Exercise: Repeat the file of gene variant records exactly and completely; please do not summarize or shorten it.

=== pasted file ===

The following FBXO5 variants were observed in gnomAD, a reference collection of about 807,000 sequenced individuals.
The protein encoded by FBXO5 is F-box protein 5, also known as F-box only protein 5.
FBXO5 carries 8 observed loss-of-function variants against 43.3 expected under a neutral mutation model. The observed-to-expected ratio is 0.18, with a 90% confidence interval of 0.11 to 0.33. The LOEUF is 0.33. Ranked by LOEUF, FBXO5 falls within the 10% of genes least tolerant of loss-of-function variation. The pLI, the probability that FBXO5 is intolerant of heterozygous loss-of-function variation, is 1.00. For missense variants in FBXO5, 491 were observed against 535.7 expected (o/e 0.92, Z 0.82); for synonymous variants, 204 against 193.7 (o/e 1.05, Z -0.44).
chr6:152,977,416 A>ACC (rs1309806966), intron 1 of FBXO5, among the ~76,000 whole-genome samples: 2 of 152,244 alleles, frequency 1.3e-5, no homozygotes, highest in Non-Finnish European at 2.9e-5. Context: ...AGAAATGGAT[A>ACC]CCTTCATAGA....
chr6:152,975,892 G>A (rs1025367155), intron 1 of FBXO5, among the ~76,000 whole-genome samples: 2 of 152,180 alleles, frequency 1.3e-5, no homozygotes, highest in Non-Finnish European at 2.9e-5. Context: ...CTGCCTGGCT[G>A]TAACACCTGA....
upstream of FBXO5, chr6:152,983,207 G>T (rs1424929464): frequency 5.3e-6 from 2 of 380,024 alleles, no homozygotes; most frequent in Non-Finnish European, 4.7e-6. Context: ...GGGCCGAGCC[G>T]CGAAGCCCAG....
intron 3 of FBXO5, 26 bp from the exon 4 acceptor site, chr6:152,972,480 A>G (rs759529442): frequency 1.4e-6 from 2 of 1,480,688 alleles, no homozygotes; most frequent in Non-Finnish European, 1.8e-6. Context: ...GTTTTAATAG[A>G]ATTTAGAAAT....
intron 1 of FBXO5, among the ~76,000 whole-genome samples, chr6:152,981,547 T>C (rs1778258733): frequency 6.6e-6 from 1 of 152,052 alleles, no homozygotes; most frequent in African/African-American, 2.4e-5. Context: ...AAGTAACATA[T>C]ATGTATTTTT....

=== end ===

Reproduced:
The following FBXO5 variants were observed in gnomAD, a reference collection of about 807,000 sequenced individuals.
The protein encoded by FBXO5 is F-box protein 5, also known as F-box only protein 5.
FBXO5 carries 8 observed loss-of-function variants against 43.3 expected under a neutral mutation model. The observed-to-expected ratio is 0.18, with a 90% confidence interval of 0.11 to 0.33. The LOEUF is 0.33. Ranked by LOEUF, FBXO5 falls within the 10% of genes least tolerant of loss-of-function variation. The pLI, the probability that FBXO5 is intolerant of heterozygous loss-of-function variation, is 1.00. For missense variants in FBXO5, 491 were observed against 535.7 expected (o/e 0.92, Z 0.82); for synonymous variants, 204 against 193.7 (o/e 1.05, Z -0.44).
chr6:152,977,416 A>ACC (rs1309806966), intron 1 of FBXO5, among the ~76,000 whole-genome samples: 2 of 152,244 alleles, frequency 1.3e-5, no homozygotes, highest in Non-Finnish European at 2.9e-5. Context: ...AGAAATGGAT[A>ACC]CCTTCATAGA....
chr6:152,975,892 G>A (rs1025367155), intron 1 of FBXO5, among the ~76,000 whole-genome samples: 2 of 152,180 alleles, frequency 1.3e-5, no homozygotes, highest in Non-Finnish European at 2.9e-5. Context: ...CTGCCTGGCT[G>A]TAACACCTGA....
upstream of FBXO5, chr6:152,983,207 G>T (rs1424929464): frequency 5.3e-6 from 2 of 380,024 alleles, no homozygotes; most frequent in Non-Finnish European, 4.7e-6. Context: ...GGGCCGAGCC[G>T]CGAAGCCCAG....
intron 3 of FBXO5, 26 bp from the exon 4 acceptor site, chr6:152,972,480 A>G (rs759529442): frequency 1.4e-6 from 2 of 1,480,688 alleles, no homozygotes; most frequent in Non-Finnish European, 1.8e-6. Context: ...GTTTTAATAG[A>G]ATTTAGAAAT....
intron 1 of FBXO5, among the ~76,000 whole-genome samples, chr6:152,981,547 T>C (rs1778258733): frequency 6.6e-6 from 1 of 152,052 alleles, no homozygotes; most frequent in African/African-American, 2.4e-5. Context: ...AAGTAACATA[T>C]ATGTATTTTT....